‘Taxi’ drivers mull reteam

NEW YORK — Director Martin Scorsese is near a deal to reteam with screenwriter Paul Schrader on “Bringing Out the Dead,” a Knopf novel by Joseph Connelly about a burned-out Gotham-based paramedic. Scorsese will develop the film at Paramount as a directing vehicle for producer Scott Rudin, with Schrader adapting the novel.

Scorsese and Schrader first collaborated on the gritty 1976 drama “Taxi Driver,” which put both of them on the map. They followed with the 1980 film “Raging Bull,” which Schrader scripted with Mardik Martin. Schrader adapted the Nikos Kazantzakis novel “The Last Temptation of Christ” for Scorsese in 1988. Schrader has gone on to direct his own scripts, including the adaptation of Elmore Leonard’s “Touch.” But they had dinner recently to discuss the new novel and both sparked to the subject matter.

The novel, which was discovered by Rudin vice president of development Eric Steel and then championed by Rudin, is about a paramedic in Hell’s Kitchen who has a nervous breakdown because of the nightmarish, gruesome things he sees; he’s haunted by the faces of people he’s lost and saved. The writer is familiar with the topic: He was a paramedic working the graveyard shift until he sold the book. It will be published next spring.

Sources close to the director caution that he’s got a full dance card and won’t get to the project for several years. Scorsese recently completed shooting the Dalai Lama pic “Kundun,” and is mulling biopics about Walter Winchell as well as George and Ira Gershwin.

LOGAN’S RUN: Good work can make a screenwriter hot in a hurry, and that’s what has happened to Chicago playwright John Logan. Logan wrote “RKO 281,” a script about the battle to make “Citizen Kane.” While Scott Free Prods. battles to keep together a tentative cast that includes Edward Norton, Gene Hackman, Madonna and Meryl Streep after Ridley Scott dropped out as director, that script has fueled a Logan run of high-profile projects.

He’s in talks to do a rewrite of “I Am Legend,” the film Ridley Scott left “RKO” to direct with Arnold Schwarzenegger. At the same time, Logan is working on Oliver Stone’s “NFL,” a Warner Bros. pic which is an amalgam of several gridiron projects, including “Playing Hurt” and Logan’s own script “On Any Given Sunday.”

Logan’s also working on “Conquistador,” a project about the Spanish explorer Cabeza de Vaca, for Tom Cruise and Paula Wagner at Paramount. Once he’s finished the “Legend” work, Logan jumps to “American Bandstand” for Jersey Films and Dick Clark. He’s also scripting “Cry Me a River” for Fox 2000 and director Carl Franklin. He looms as a distinct possibility to script the screen version of “Rent” for Miramax and Tribeca Films, and the “Berlin Diaries” for director Ang Lee at Columbia for Good Machine. Logan’s also waiting for his script “Pure Evel,” the Universal-based Evel Knievel biopic, to kickstart with director Marco Brambilla. The scribe’s repped by CAA’s David Styne and Brian Siberell.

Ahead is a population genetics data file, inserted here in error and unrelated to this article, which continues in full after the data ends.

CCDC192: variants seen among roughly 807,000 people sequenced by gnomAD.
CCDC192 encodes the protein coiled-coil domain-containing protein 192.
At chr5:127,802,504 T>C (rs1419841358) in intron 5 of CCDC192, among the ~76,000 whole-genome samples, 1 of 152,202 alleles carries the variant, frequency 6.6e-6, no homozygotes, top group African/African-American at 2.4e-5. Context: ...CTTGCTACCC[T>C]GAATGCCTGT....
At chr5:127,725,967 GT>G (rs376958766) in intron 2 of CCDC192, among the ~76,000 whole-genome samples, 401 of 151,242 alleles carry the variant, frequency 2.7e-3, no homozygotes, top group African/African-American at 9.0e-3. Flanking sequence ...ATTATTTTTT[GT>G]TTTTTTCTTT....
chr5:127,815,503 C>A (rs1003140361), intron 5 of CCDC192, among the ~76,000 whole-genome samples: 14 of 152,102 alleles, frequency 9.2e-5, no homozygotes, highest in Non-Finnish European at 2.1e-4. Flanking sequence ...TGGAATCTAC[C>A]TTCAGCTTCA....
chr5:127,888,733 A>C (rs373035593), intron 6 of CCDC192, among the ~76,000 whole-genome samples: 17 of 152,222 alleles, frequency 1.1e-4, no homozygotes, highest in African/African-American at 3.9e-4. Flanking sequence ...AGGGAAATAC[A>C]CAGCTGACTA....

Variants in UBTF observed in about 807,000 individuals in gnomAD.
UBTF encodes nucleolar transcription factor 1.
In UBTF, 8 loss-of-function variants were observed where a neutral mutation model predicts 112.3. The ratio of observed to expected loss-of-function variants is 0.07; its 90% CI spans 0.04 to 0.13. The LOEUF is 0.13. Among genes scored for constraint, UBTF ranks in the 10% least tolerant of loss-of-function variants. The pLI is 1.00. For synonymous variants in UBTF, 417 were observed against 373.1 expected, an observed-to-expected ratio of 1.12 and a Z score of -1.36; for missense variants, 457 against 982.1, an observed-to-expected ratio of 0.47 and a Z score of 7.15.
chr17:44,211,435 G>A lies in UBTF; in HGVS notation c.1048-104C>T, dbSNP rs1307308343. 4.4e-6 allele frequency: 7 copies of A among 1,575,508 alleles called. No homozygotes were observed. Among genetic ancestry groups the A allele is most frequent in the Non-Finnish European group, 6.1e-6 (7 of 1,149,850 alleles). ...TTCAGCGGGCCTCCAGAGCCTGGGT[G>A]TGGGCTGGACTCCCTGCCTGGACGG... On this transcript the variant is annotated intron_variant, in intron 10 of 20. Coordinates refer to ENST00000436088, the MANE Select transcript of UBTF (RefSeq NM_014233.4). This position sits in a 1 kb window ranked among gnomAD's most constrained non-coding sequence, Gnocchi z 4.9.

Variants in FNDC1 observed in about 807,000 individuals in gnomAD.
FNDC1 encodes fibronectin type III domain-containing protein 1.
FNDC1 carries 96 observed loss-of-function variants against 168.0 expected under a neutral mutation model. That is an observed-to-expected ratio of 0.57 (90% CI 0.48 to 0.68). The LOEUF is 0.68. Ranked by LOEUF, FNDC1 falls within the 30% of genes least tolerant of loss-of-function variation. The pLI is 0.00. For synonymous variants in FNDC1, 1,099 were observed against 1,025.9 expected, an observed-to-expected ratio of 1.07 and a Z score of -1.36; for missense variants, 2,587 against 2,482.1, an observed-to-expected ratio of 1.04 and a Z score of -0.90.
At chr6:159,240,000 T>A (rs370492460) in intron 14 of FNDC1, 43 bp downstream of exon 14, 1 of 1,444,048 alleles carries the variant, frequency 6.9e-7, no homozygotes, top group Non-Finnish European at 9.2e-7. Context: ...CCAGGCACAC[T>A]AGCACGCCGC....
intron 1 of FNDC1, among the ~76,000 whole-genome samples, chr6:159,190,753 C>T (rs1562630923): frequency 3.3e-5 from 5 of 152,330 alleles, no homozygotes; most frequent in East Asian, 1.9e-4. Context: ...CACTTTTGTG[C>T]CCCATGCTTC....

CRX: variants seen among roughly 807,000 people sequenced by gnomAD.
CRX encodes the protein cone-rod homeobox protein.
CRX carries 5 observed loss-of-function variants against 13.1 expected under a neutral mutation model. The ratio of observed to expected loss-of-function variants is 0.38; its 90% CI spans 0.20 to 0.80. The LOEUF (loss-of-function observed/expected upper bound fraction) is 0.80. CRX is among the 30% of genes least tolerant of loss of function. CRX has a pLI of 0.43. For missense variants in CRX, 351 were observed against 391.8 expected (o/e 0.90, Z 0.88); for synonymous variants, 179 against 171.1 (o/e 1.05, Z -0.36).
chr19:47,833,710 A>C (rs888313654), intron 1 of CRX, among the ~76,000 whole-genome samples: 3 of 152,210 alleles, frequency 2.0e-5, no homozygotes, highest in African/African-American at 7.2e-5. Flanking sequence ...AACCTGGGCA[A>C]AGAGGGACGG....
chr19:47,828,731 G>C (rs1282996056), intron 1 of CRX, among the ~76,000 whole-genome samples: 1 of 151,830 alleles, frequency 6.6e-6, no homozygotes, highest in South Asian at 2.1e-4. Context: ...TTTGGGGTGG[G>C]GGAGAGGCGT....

ROCKERS GO SERIES ROUTE: Flea, bass guitarist for the Red Hot Chili Peppers, and musician John Lurie are doing a duet that has nothing to do with music. The pair have signed to star in “The Strip,” a pilot for an MTV series in which they’ll play a couple of petty thieves who engage in low-level crimes while figuring out the world.

“It’s a half-hour drama, with a certain MTV-style ironic humor to it,” said John Mekrut, who’s producing with Jim Jones and Gary Auerbach. “They love the action, they love the girls, and you might find them unloading a truck full of VCRs while having a metaphysical discussion about the Mars landing.” Sam Kass, who wrote and directed the pic “The Search for One-Eyed Jimmy” and who’s written for “Seinfeld,” is writing the pilot. They’ll shoot it in August and hope to go to series in December.

HBO HUMMING? HBO is gearing up for a slate of high-profile film projects that are soon to be greenlit by HBO Pictures president John Matoian. Aside from getting Matty Rich to direct a Tupac Shakur film and Mark Rydell to do the David Mamet-scripted Meyer Lansky biopic, it’s got Paul Mazursky to do a pic about gossip titan Walter Winchell (different from the Scorsese project). The pay cabler’s also got “Northern Exposure’s” Josh Brand for “The Pentagon Wars,” with Kelsey Grammer and Cary Elwes starring. Susan Sarandon and possibly Skeet Ulrich are poised to join an adaptation of Anne Tyler’s “Earthly Possessions.” Laurence Fishburne’s attached to a pic based on Walter Mosley’s short stories, including “Socrates.”

Meanwhile, HBO’s talking with “In the Name of the Father” scribe Terry George to adapt and direct “A Bright Shining Lie,” the Vietnam tale to which Jane Fonda held rights for years. They’re courting Alec Baldwin to star, sources said.

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